Students elated by return of face-to-face classesTuesday, May 11, 2021
BY JASON CROSS
St Aloysius Primary students Nichola Morna and Abrinna Brown yesterday expressed joy at being back at school as face-to-face classes for exit exam students resumed at more then 500 schools across the island.
“I am excited because the online classes don't work that much for me, as some of us have Internet problems, so it is really good to be back at school,” said Nichola, who has ambitions of attending Campion College or Wolmer's High School for Girls after completing the Primary Exit Profile (PEP).
Abrinna joined her schoolmate, telling the Jamaica Observer: “Being back is nerve-racking, but I feel nice to be able to see persons. Online wasn't difficult, but I only used to see my grandmother's face.”
The Government last week announced the resumption of face-to-face classes to facilitate last-minute preparations for this year's sitting of PEP for primary school students, and the Caribbean Secondary Education Certificate (CSEC) and Caribbean Advance Proficiency Examinations (CAPE) as well as City & Guilds papers for high school students.
Face-to-face classes were suspended in March this year as part of new measures to contain the spread of the novel coronavirus. The measure was first implemented in March 2020, when the first case of COVID-19 was confirmed in the island, with instruction continuing remotely.
At St Aloysius Primary in downtown Kingston, Guidance Counsellor Craig Denton shared that the school worked overtime to prepare for the students.
He pointed to temperature check stations on the school compound which will be utilised throughout the day. However, he lamented that PEP students had a short time for preparations.
“My drawback is that we have less than two weeks, so a lot of things have to be put in place. It is up to the child now to see how best they can absorb the information. It is a lot for all stakeholders,” he told the Observer.
“When they get here, the children proceed to a table where their temperature is recorded and their hands are sanitised. We have been hitting the ground running. On Sunday, up to 11:00 pm, we had persons here sterilising and sanitising each chair and desk to get this up and running. When I came here at 6:30 am, our principal, Althea Palmer, was here already making sure everything was in order.
“A lot of energy went into it, but it is our love for the job and wanting to see our children achieve and succeed in whatever they are doing,” Denton said.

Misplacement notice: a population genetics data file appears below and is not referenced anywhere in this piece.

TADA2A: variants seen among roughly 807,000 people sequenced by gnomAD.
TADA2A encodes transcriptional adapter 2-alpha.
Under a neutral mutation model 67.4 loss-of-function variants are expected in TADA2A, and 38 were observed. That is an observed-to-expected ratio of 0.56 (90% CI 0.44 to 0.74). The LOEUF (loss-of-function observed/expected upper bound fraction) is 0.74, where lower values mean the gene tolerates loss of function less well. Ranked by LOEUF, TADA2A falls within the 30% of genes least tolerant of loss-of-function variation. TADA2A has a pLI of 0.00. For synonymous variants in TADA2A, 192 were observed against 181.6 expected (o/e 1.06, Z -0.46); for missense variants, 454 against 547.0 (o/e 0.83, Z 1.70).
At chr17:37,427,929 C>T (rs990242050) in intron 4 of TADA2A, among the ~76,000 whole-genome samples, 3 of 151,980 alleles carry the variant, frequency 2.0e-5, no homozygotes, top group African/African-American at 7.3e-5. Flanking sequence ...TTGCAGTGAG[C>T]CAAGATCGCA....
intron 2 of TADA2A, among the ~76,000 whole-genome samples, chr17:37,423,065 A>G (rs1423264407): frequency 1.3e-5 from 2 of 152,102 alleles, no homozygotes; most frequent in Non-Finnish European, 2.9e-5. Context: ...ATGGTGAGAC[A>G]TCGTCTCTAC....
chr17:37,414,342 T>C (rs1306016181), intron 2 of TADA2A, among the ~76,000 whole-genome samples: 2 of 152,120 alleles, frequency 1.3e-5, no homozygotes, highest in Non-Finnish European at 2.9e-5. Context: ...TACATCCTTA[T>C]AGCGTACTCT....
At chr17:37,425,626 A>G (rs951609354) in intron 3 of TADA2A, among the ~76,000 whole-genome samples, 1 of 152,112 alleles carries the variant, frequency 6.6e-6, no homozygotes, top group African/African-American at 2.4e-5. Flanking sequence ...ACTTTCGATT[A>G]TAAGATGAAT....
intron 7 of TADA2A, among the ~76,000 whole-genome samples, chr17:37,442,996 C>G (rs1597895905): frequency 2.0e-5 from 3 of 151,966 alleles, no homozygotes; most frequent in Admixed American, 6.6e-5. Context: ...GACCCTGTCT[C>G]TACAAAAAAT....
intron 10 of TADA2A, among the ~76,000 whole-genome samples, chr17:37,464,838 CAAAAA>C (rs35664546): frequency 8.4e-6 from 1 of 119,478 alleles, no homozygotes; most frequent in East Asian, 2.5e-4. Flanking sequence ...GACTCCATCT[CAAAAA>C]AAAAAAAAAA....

Parent Lisa Francis said she was happy with the resumption of face-to-face instruction because her daughter, Savoya Douglas, was very distracted during the online classes.
“I feel very good because the online class nah happen at all. When di pickney dem fi inna class, dem gone pon TikTok and dem suppen deh. Mi haffi rough har up,” she told the Observer.
At Dunoon Park Technical High School, where Minister of of Education Youth and Information Fayval Williams toured to ensure COVID-19 prevention protocols were being observed, students were excited to be able to do their practicals for CSEC and CAPE.
Fifth form student Shanel Williams, who will sit seven CSEC subjects, said she was frustrated at home because of frequent Internet interruptions.
“The online was stressing because the Internet will come today and don't come tomorrow, and I didn't do some of my classes because they are practical. I have no doubts about my exams, though,” she said.
CSEC student Javar Nelson said he was feeling good “that school finally start back”.
“I do eight subjects. Online is not the same as physical classes. It kinda hard. The Internet behaves shaky. To be able to come back to school is a good thing. I can do my practical at school,” Nelson said.
Minister Williams expressed confidence that each of the over 500 schools reopened yesterday would observe all protocols established to prevent any spread of the virus, since the Ministry of Health and Wellness was satisfied that adequate measures were in place after inspections.
Williams also said an important element in the resumption of face-to-face classes was that teachers be vaccinated against COVID-19. She said, however, that the Government wasn't considering making vaccination for teachers mandatory.
“We are battling the negative impact on learning loss in the education sector. So while I know that many thousands have been online, I know there are many who have not been on consistently, and so being able to be back, ahead of exams, is good for the students, to be able to interact with their teachers and get their minds geared towards these tests,” she said.
“Well over 500 schools were opened and will continue throughout the week. I know that during the past week over 7,000 teachers were vaccinated during the blitz. The numbers we got of the teachers that remained to be vaccinated were around 6,000 or so. It is extremely important because the teachers are interacting with students,” the minister argued.
“I know that no one can be forced to take the vaccine as of this moment in time. I know it has been asked already, but I don't know that we have the perfect answer just yet. It is voluntary right now,” she added.
Now you can read the Jamaica Observer ePaper anytime, anywhere. The Jamaica Observer ePaper is available to you at home or at work, and is the same edition as the printed copy available at https://bit.ly/epaper-login